The operation then begins, a variety of instruments being used. While the surgeon views the interior of the hip joint through the arthroscope, other operating instruments are introduced through the other portals. Once the surgeon has completed the procedure needed between the ball and socket, often referred to as the 'central compartment' of the hip, traction is released, allowing the ball of the hip to sit back snugly into its socket. The arthroscope is then moved to the 'peripheral compartment' an area still inside the hip joint itself but outside its ball and socket portion.
Commonly used arthroscopic tools are the hook probe, used to assess the integrity and consistency of the hip, radiofrequency probes that ablate soft tissue and can also smoothen tissue surfaces, and various shavers or burrs that can take away diseased tissue. If the acetabular labrum requires repair, specially designed anchors may be used. This is by no means a comprehensive list as new instruments are being developed constantly.
Cam-type femoroacetabular impingement
Cam impingement is created by the abnormal development of the femoral head-neck junction causing what has previously been described as a 'pistol-grip deformity'. This type of deformity is characterised by varying amounts of abnormal bone on the anterior and superior femoral neck at the head-neck junction (see fig. 6). The head-neck junction is at the base of the ball of the hip, where it joins the short neck, which in turn carries on downwards into the femur, or thighbone, itself. A bony protrusion or bump at the head-neck junction has been likened to a cam, an eccentric part of a rotating device. This leads to joint damage as a result of the non-spherical femoral head being forced into the acetabulum mainly with flexion and/or internal rotation. This may impart compression and shear forces to the articular cartilage, and may lead to labral tears and peeling away of the articular cartilage from the underlying bone, so-called cartilage delamination (see fig. 8).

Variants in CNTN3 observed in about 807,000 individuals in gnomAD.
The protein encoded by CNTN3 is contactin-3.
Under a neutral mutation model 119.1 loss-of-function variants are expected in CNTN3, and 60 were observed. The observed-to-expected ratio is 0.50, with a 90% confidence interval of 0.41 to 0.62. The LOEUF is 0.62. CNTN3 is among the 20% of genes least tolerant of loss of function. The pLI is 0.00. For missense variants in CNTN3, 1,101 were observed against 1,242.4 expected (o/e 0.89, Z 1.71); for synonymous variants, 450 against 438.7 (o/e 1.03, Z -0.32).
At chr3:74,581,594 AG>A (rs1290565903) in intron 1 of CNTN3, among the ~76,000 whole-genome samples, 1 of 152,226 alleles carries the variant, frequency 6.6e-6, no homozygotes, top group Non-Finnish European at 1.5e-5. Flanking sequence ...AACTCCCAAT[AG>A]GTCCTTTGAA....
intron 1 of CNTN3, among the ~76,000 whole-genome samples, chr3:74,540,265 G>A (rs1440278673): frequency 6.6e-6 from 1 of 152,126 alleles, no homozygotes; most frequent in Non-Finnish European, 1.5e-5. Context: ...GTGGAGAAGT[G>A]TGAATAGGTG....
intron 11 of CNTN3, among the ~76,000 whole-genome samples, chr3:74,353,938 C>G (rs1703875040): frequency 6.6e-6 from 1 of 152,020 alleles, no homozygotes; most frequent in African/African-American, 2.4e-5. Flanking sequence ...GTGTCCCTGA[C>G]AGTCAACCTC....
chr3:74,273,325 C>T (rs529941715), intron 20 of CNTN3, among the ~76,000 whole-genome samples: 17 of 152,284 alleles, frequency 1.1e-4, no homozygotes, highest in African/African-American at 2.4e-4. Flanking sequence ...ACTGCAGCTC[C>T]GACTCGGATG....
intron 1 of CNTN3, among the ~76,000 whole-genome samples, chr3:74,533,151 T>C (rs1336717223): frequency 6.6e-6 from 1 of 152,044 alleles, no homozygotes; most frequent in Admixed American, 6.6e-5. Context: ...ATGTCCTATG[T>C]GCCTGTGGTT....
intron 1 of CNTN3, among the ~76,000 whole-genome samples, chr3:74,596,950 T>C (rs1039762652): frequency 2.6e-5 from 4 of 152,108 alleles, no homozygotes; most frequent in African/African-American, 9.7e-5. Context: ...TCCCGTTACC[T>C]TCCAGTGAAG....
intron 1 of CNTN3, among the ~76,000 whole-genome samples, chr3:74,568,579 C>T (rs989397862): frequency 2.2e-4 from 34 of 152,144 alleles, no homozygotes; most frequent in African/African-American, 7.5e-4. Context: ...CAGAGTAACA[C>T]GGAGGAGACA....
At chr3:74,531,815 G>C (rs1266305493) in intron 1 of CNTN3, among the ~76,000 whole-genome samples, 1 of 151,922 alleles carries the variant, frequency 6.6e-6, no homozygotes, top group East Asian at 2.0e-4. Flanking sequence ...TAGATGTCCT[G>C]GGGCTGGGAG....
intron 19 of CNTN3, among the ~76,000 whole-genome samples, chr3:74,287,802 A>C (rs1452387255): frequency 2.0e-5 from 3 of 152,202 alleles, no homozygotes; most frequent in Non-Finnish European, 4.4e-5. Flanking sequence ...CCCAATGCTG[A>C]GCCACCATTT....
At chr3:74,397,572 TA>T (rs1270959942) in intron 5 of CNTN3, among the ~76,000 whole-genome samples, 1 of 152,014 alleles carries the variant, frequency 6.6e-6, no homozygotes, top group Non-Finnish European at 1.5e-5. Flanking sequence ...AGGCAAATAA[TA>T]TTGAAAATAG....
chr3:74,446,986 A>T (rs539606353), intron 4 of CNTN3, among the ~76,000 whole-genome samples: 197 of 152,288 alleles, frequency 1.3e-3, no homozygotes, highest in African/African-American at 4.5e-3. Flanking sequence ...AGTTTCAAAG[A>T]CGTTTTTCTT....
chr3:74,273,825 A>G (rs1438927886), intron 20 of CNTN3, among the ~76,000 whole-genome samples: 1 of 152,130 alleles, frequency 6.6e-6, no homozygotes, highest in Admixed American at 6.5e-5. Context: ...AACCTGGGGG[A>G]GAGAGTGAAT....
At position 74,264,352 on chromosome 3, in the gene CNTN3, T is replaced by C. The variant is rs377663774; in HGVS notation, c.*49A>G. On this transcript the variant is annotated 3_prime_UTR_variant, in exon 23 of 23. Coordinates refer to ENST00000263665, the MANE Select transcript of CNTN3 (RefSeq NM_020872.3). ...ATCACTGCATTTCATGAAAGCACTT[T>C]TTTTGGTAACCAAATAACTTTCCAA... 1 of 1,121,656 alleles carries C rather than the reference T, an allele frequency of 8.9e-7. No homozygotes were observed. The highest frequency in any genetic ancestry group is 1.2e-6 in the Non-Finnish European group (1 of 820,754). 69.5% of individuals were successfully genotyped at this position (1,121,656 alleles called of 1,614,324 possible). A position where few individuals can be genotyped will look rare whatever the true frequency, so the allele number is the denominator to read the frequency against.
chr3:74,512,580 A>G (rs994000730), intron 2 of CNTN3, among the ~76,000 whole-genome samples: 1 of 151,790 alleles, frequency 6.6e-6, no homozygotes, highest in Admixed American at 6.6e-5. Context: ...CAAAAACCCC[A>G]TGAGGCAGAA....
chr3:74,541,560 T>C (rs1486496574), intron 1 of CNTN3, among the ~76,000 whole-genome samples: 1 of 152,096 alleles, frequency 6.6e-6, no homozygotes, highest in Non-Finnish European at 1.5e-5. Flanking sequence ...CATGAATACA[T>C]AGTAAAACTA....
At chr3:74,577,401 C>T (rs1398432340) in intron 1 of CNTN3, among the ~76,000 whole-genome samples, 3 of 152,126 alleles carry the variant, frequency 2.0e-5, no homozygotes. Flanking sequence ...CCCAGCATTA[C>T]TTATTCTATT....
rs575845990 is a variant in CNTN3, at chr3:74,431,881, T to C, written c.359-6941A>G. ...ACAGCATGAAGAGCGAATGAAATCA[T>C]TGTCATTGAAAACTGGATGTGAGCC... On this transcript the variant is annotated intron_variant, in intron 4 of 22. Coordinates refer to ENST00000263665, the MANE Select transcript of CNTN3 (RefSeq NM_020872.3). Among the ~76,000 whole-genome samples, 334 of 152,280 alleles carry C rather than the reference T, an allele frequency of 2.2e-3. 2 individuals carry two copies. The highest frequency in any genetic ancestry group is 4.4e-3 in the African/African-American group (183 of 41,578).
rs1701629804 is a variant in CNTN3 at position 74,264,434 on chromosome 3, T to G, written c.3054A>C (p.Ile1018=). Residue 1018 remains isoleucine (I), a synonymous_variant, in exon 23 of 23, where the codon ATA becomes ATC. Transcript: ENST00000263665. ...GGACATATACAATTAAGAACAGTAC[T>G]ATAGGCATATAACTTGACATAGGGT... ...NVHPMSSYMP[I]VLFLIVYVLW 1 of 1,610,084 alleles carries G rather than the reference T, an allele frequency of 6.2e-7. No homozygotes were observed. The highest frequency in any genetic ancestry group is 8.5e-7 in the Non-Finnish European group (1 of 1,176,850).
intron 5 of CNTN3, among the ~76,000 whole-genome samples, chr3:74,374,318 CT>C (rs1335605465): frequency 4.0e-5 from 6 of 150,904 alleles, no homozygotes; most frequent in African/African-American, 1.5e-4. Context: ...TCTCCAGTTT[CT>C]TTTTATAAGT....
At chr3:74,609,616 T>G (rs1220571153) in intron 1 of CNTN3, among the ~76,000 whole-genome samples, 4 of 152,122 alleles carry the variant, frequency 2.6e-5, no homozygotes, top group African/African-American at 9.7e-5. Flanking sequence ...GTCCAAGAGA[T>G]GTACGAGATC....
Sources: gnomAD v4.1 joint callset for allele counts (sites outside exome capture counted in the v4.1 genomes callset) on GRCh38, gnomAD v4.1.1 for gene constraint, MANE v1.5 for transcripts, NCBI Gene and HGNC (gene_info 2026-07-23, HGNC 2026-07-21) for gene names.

Standard arthroscopic treatment of symptomatic cam FAI involves debridement (resection) or repair of any labral  and chondral injuries  in the central compartment of the hip, and subsequent reshaping of the head-neck junction of the upper femur (osteochondroplasty) in the peripheral compartment  using high-speed motorised burrs that are similar in design to a dentist's drill (see fig. 9).
Pincer-type femoroacetabular impingement
In contrast, pincer impingement is a result of an abnormality on the acetabular side of the hip joint. The acetabulum may either have a more posterior orientation than normal, otherwise known as acetabular retroversion (seen as the crossover sign on AP radiographs), or there may be extra bone around the rim. This results in contact of the femoral neck against the labrum and rim of the acetabulum during hip movement earlier than might otherwise be the case. Repeated contact between the femoral neck and the edge of the acetabulum may lead to damage to the labrum and adjacent articular cartilage. Bone formation, or ossification within the labrum may be commonly seen as a result of this repeated contact. It is thought that this type of impingement may also predispose to the development of osteoarthritis.
The goal of the arthroscopic treatment of pincer impingement is to reduce the acetabular over coverage of the hip. Methods to reduce this over coverage of the ball by the socket include labral detachment or peel back, acetabular rim trimming using burrs, often reattaching the labrum with anchors at the end of the procedure. With the exception of cases of severe global over coverage of the hip, or situations in which the existing labrum has turned to bone (or ossified), excessive acetabular rim resection should be avoided in order to prevent iatrogenic increases in hip joint contact pressures.